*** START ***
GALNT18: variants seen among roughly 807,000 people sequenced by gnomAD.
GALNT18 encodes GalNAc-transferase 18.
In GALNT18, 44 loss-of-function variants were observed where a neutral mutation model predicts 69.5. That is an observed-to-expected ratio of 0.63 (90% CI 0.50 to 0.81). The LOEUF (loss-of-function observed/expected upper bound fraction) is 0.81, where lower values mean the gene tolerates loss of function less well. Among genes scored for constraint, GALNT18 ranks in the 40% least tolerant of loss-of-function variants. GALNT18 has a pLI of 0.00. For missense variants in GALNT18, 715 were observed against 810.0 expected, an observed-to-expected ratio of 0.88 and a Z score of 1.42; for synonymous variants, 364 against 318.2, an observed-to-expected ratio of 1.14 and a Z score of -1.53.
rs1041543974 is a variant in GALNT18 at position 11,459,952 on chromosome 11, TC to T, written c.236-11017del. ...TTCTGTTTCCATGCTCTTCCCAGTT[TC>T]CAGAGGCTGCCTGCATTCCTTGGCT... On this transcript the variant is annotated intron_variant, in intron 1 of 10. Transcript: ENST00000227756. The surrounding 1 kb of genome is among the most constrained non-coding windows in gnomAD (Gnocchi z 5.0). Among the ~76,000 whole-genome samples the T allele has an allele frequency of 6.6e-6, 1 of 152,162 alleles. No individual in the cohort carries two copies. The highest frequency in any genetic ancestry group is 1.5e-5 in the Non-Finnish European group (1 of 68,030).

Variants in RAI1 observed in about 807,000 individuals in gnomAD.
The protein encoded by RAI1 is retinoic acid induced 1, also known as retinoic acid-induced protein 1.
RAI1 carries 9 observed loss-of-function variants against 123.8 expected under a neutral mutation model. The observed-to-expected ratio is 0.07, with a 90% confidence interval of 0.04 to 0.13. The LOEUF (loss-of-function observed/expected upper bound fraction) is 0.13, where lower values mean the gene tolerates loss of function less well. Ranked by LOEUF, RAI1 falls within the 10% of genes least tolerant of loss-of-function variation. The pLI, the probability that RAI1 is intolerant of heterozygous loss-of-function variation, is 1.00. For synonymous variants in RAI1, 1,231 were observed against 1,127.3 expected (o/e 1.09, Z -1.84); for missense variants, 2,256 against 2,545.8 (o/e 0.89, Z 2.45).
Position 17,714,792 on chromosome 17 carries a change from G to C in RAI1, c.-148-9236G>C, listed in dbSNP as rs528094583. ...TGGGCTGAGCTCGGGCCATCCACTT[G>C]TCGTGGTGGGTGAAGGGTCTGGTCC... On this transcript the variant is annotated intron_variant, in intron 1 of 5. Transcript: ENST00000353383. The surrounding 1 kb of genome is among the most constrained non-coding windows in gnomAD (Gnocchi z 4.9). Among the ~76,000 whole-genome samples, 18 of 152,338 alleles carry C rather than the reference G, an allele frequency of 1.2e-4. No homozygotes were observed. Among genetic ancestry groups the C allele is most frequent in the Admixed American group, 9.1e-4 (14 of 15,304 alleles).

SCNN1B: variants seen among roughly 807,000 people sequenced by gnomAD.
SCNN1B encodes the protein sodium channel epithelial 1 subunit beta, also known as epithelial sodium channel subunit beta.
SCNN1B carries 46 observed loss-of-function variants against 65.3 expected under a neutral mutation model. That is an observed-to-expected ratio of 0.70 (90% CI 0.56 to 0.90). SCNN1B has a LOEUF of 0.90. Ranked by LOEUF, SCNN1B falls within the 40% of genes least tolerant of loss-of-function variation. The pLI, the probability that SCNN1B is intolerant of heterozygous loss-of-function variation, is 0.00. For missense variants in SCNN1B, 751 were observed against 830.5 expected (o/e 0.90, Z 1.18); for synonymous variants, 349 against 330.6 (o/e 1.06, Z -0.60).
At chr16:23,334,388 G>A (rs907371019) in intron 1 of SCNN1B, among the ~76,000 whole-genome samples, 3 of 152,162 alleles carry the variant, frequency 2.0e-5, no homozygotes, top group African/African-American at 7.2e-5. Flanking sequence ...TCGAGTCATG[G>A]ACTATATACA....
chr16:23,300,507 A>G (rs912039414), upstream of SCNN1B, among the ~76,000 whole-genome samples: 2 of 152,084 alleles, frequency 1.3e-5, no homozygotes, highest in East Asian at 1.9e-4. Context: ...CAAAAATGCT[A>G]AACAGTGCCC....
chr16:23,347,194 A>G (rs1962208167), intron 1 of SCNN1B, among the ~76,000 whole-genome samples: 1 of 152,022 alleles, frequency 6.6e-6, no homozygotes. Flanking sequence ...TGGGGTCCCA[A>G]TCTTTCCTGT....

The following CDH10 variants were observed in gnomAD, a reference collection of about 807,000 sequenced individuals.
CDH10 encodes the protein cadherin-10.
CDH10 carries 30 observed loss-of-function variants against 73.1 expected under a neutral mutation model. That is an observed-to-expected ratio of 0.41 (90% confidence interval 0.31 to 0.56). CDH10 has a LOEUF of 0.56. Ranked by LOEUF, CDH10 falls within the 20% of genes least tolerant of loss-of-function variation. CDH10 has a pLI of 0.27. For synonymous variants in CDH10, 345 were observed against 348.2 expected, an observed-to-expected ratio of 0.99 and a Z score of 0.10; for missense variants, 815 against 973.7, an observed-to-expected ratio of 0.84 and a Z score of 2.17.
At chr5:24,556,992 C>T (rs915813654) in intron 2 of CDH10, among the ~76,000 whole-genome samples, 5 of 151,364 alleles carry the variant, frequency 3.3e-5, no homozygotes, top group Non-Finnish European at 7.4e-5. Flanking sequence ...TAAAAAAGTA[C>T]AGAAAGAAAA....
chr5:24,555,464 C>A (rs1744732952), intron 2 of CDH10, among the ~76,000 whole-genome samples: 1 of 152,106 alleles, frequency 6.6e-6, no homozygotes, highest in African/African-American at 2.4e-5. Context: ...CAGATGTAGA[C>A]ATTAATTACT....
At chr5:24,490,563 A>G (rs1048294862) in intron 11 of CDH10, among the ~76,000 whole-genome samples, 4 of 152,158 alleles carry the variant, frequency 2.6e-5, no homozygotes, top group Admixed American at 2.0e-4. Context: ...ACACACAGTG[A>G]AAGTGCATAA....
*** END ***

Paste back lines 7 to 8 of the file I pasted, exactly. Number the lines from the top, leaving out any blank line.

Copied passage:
RAI1 carries 9 observed loss-of-function variants against 123.8 expected under a neutral mutation model. The observed-to-expected ratio is 0.07, with a 90% confidence interval of 0.04 to 0.13. The LOEUF (loss-of-function observed/expected upper bound fraction) is 0.13, where lower values mean the gene tolerates loss of function less well. Ranked by LOEUF, RAI1 falls within the 10% of genes least tolerant of loss-of-function variation. The pLI, the probability that RAI1 is intolerant of heterozygous loss-of-function variation, is 1.00. For synonymous variants in RAI1, 1,231 were observed against 1,127.3 expected (o/e 1.09, Z -1.84); for missense variants, 2,256 against 2,545.8 (o/e 0.89, Z 2.45).
Position 17,714,792 on chromosome 17 carries a change from G to C in RAI1, c.-148-9236G>C, listed in dbSNP as rs528094583. ...TGGGCTGAGCTCGGGCCATCCACTT[G>C]TCGTGGTGGGTGAAGGGTCTGGTCC... On this transcript the variant is annotated intron_variant, in intron 1 of 5. Transcript: ENST00000353383. The surrounding 1 kb of genome is among the most constrained non-coding windows in gnomAD (Gnocchi z 4.9). Among the ~76,000 whole-genome samples, 18 of 152,338 alleles carry C rather than the reference G, an allele frequency of 1.2e-4. No homozygotes were observed. Among genetic ancestry groups the C allele is most frequent in the Admixed American group, 9.1e-4 (14 of 15,304 alleles).